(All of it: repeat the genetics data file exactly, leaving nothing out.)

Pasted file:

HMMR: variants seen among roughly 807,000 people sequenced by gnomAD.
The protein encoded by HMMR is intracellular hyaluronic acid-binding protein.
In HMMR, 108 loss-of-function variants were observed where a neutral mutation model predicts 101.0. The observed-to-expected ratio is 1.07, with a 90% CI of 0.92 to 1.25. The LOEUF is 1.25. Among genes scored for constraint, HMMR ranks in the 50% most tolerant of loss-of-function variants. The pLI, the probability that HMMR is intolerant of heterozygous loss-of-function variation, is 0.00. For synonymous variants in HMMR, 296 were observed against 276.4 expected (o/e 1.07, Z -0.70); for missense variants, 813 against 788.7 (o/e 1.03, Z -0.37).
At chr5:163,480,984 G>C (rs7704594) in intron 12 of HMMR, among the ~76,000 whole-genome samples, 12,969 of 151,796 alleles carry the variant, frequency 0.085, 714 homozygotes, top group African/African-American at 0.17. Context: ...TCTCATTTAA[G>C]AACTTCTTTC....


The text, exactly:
HMMR: variants seen among roughly 807,000 people sequenced by gnomAD.
The protein encoded by HMMR is intracellular hyaluronic acid-binding protein.
In HMMR, 108 loss-of-function variants were observed where a neutral mutation model predicts 101.0. The observed-to-expected ratio is 1.07, with a 90% CI of 0.92 to 1.25. The LOEUF is 1.25. Among genes scored for constraint, HMMR ranks in the 50% most tolerant of loss-of-function variants. The pLI, the probability that HMMR is intolerant of heterozygous loss-of-function variation, is 0.00. For synonymous variants in HMMR, 296 were observed against 276.4 expected (o/e 1.07, Z -0.70); for missense variants, 813 against 788.7 (o/e 1.03, Z -0.37).
At chr5:163,480,984 G>C (rs7704594) in intron 12 of HMMR, among the ~76,000 whole-genome samples, 12,969 of 151,796 alleles carry the variant, frequency 0.085, 714 homozygotes, top group African/African-American at 0.17. Context: ...TCTCATTTAA[G>C]AACTTCTTTC....